As part of an ongoing initiative to help the philanthropic sector more deeply understand the Theory of the Foundation, Rockefeller Philanthropy Advisors recently developed an analytical framework to help foundations to engage in self-evaluation and analysis. This Philanthropy Canvas, ideated from the Business Model Canvas created by Alexander Osterwalder and Yves Pigneur, is a useful tool for aligning all elements of the model for mission, strategy and impact.
As a visual model, the Philanthropy Canvas invites foundation staff, trustees and other key stakeholders to map out the elements necessary to implement a foundation’s strategy in relationship to both its core framework (charter, social compact, and operating capabilities) and to the external environment that it seeks to influence and by which it is in turn influenced.
This framework spurs in-depth thinking on what a foundation is or seeks to be, based on mission and strategy, key activities, resources, relationships (partners and audiences), funding, costs, channels, and beneficiaries. It also accounts for the constraints of resource realities and the state of the world. Understanding how a foundation or program operating model compares to one similarly situated can highlight areas for further analysis and potential change.
The Philanthropy Canvas can also be used to:
- Drive analysis for organizational planning and development.
- Spark discussion of who and what a foundation is among leadership or program teams.
- Evaluate and drive agreement on specific program areas.
- Square ambition with resources, realities and capabilities.
- Drive top-level alignment within a foundation.
- Identify gaps or misalignments, and to develop a shared story.
At the request of participants in our Learning Collaborative, we have developed several operating model types based on certain key characteristics revealed by answers to the various categories in the Canvas. While this list is not definitive, many foundations fit into one (or more) of these six types. As we continue to test our hypothesis with our foundation thought partners, we will explore additional models and considerations. With convenings and research projects planned for the next year and beyond, our learnings will continue to evolve. We hope you join us on and benefit from this journey.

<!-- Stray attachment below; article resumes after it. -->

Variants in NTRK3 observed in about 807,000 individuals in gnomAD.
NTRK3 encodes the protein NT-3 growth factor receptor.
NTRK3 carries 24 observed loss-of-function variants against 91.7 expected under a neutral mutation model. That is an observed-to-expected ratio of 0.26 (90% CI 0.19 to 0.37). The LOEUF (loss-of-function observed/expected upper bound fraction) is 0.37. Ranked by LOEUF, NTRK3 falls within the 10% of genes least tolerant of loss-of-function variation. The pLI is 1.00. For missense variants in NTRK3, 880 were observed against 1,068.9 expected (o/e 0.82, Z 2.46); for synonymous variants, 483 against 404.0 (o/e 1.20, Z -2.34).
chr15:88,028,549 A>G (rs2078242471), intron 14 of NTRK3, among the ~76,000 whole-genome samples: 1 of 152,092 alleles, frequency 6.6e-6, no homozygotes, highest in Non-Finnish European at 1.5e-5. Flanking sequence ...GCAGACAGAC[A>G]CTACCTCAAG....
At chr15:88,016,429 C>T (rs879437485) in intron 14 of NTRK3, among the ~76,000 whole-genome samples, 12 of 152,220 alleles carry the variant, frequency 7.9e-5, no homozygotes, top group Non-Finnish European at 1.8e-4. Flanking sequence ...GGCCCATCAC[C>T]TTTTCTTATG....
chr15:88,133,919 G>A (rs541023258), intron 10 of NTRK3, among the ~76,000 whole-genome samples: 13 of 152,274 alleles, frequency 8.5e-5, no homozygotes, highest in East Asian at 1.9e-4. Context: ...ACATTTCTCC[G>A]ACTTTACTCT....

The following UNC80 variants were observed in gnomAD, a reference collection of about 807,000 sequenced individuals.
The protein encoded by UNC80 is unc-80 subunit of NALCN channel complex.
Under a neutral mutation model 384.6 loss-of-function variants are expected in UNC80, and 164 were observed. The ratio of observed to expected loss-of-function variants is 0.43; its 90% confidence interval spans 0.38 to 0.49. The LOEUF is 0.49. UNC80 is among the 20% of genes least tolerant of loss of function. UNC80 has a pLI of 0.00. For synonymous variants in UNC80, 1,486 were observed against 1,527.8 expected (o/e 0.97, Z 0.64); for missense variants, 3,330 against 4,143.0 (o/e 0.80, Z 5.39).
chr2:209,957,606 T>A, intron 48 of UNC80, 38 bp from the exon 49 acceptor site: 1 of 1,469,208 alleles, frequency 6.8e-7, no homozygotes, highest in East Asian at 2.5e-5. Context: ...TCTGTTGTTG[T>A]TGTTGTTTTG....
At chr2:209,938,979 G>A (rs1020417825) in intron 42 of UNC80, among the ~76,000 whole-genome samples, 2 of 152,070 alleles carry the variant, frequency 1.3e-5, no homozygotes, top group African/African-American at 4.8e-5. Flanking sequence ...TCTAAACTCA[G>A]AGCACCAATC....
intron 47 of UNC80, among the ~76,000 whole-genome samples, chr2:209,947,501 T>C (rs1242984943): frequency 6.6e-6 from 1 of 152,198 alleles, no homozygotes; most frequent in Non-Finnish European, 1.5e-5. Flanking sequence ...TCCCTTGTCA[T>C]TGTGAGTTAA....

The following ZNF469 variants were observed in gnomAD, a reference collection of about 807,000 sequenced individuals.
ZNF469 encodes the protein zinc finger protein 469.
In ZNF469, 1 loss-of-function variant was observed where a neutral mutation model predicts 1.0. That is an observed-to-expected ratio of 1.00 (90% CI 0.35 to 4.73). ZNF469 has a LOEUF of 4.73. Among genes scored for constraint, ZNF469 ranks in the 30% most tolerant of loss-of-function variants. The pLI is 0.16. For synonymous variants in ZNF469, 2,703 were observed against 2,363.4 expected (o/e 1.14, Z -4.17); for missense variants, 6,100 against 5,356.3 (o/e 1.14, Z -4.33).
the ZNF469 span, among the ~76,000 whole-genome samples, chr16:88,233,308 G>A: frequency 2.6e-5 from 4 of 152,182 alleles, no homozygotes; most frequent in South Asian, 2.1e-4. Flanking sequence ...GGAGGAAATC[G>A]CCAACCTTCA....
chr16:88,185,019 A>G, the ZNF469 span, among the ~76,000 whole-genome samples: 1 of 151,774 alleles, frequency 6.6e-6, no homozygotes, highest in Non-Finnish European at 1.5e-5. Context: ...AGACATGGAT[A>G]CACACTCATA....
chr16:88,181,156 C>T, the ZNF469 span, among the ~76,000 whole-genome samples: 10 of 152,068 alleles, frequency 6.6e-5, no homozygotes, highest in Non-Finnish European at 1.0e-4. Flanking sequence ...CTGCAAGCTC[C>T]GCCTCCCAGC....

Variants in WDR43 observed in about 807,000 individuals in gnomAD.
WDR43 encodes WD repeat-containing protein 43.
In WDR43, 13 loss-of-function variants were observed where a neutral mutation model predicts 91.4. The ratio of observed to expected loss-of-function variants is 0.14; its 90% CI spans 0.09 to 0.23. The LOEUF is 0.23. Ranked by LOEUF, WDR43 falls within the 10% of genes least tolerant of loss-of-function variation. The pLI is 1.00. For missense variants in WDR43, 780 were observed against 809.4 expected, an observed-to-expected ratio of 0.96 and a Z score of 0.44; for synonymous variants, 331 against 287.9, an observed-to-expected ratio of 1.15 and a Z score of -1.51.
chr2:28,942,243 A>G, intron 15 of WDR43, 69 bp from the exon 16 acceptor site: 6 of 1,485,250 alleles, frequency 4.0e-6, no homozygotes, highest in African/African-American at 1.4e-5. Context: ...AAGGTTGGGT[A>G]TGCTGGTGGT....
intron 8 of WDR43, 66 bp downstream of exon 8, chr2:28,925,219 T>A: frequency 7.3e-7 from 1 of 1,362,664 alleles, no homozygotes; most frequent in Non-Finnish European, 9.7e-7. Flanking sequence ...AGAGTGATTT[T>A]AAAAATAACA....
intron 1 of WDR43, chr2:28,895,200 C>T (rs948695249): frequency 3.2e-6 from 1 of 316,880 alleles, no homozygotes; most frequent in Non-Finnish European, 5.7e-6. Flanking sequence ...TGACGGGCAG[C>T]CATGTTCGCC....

Background on the Theory of the Foundation
RPA’s Theory of the Foundation initiative draws on experience from dozens of foundations to create a framework for introspection on fundamental beliefs about how they operate as organizations. Our aim is to stimulate a discussion about foundations as institutions, beyond programmatic or grantmaking activities, and help foundations more effectively align their purpose and resources for impact.
To view the Philanthropy Canvas, get more information on how to identify your operating model type and review other insights gained from the Theory of the Foundation initiative, please visit TheoryoftheFoundation.org.
Operating Model Types
Believes that policy change is a fundamental tool for systemic change, and uses its institutional power to get a policy or solution broadly adopted.
Provides flexible funding to allow new ideas to develop or come to fruition in ways that the foundation does not try to foresee or manage. Field Builder Focuses on creating a new set of institutions that will build a vibrant, powerful ecosystem for an issue or movement.
Prioritizes betting on individual leaders or key organizations by selecting, strengthening and promoting leading change agents who are closest to the issue.
Applies its expertise to design internally policy or systemic solutions, “market” the approach, and then find implementers for those solutions. Real-Estate Developer Convenes a diverse set of stakeholders to implement a complex, time-intensive solution that generally crosses sectors and traditional program areas.
Olga Tarasov is Director of knowledge development, Rockefeller Philanthropy Advisors
Donzelina Barroso is Director of global philanthropy, Rockefeller Philanthropy Advisors
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